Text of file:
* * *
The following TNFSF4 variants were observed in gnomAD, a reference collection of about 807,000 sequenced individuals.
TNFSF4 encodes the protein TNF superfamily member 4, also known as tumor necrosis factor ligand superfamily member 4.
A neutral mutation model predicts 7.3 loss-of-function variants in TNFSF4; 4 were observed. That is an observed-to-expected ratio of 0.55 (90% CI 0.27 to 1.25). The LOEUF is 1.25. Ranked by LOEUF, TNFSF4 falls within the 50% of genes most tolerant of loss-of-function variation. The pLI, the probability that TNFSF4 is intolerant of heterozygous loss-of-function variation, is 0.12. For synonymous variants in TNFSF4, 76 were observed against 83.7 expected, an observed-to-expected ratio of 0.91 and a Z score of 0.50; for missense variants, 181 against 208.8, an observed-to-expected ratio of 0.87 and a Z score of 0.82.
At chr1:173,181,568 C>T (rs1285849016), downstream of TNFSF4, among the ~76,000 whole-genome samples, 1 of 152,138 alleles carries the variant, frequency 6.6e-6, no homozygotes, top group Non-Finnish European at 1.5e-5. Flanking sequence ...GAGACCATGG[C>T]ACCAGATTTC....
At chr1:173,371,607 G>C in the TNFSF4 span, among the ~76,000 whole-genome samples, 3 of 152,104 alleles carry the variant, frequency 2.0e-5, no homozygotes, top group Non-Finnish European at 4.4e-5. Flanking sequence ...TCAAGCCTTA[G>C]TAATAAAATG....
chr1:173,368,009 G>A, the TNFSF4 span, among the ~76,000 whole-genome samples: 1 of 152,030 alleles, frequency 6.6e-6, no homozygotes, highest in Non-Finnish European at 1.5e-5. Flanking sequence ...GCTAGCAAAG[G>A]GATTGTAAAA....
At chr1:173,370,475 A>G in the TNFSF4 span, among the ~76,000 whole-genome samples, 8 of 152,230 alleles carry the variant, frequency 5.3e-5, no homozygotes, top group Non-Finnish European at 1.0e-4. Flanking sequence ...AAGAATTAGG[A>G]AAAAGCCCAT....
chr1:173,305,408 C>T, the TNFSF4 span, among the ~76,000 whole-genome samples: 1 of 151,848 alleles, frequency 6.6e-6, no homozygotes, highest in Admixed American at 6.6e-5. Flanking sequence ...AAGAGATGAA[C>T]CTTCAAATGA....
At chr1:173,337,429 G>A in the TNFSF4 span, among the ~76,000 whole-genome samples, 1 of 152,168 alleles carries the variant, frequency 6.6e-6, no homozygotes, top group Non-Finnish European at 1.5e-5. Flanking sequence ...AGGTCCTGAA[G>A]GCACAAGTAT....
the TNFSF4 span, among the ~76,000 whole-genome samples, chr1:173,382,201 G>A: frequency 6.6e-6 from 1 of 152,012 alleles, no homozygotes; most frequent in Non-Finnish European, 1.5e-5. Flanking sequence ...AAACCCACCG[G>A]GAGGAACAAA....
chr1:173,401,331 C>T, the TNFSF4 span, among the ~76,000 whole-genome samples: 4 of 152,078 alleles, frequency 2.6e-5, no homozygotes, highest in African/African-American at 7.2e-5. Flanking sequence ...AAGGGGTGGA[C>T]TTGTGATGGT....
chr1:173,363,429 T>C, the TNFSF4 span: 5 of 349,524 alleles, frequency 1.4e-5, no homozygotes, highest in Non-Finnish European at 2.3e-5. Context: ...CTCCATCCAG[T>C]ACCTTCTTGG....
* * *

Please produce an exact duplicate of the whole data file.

The following TNFSF4 variants were observed in gnomAD, a reference collection of about 807,000 sequenced individuals.
TNFSF4 encodes the protein TNF superfamily member 4, also known as tumor necrosis factor ligand superfamily member 4.
A neutral mutation model predicts 7.3 loss-of-function variants in TNFSF4; 4 were observed. That is an observed-to-expected ratio of 0.55 (90% CI 0.27 to 1.25). The LOEUF is 1.25. Ranked by LOEUF, TNFSF4 falls within the 50% of genes most tolerant of loss-of-function variation. The pLI, the probability that TNFSF4 is intolerant of heterozygous loss-of-function variation, is 0.12. For synonymous variants in TNFSF4, 76 were observed against 83.7 expected, an observed-to-expected ratio of 0.91 and a Z score of 0.50; for missense variants, 181 against 208.8, an observed-to-expected ratio of 0.87 and a Z score of 0.82.
At chr1:173,181,568 C>T (rs1285849016), downstream of TNFSF4, among the ~76,000 whole-genome samples, 1 of 152,138 alleles carries the variant, frequency 6.6e-6, no homozygotes, top group Non-Finnish European at 1.5e-5. Flanking sequence ...GAGACCATGG[C>T]ACCAGATTTC....
At chr1:173,371,607 G>C in the TNFSF4 span, among the ~76,000 whole-genome samples, 3 of 152,104 alleles carry the variant, frequency 2.0e-5, no homozygotes, top group Non-Finnish European at 4.4e-5. Flanking sequence ...TCAAGCCTTA[G>C]TAATAAAATG....
chr1:173,368,009 G>A, the TNFSF4 span, among the ~76,000 whole-genome samples: 1 of 152,030 alleles, frequency 6.6e-6, no homozygotes, highest in Non-Finnish European at 1.5e-5. Flanking sequence ...GCTAGCAAAG[G>A]GATTGTAAAA....
At chr1:173,370,475 A>G in the TNFSF4 span, among the ~76,000 whole-genome samples, 8 of 152,230 alleles carry the variant, frequency 5.3e-5, no homozygotes, top group Non-Finnish European at 1.0e-4. Flanking sequence ...AAGAATTAGG[A>G]AAAAGCCCAT....
chr1:173,305,408 C>T, the TNFSF4 span, among the ~76,000 whole-genome samples: 1 of 151,848 alleles, frequency 6.6e-6, no homozygotes, highest in Admixed American at 6.6e-5. Flanking sequence ...AAGAGATGAA[C>T]CTTCAAATGA....
At chr1:173,337,429 G>A in the TNFSF4 span, among the ~76,000 whole-genome samples, 1 of 152,168 alleles carries the variant, frequency 6.6e-6, no homozygotes, top group Non-Finnish European at 1.5e-5. Flanking sequence ...AGGTCCTGAA[G>A]GCACAAGTAT....
the TNFSF4 span, among the ~76,000 whole-genome samples, chr1:173,382,201 G>A: frequency 6.6e-6 from 1 of 152,012 alleles, no homozygotes; most frequent in Non-Finnish European, 1.5e-5. Flanking sequence ...AAACCCACCG[G>A]GAGGAACAAA....
chr1:173,401,331 C>T, the TNFSF4 span, among the ~76,000 whole-genome samples: 4 of 152,078 alleles, frequency 2.6e-5, no homozygotes, highest in African/African-American at 7.2e-5. Flanking sequence ...AAGGGGTGGA[C>T]TTGTGATGGT....
chr1:173,363,429 T>C, the TNFSF4 span: 5 of 349,524 alleles, frequency 1.4e-5, no homozygotes, highest in Non-Finnish European at 2.3e-5. Context: ...CTCCATCCAG[T>C]ACCTTCTTGG....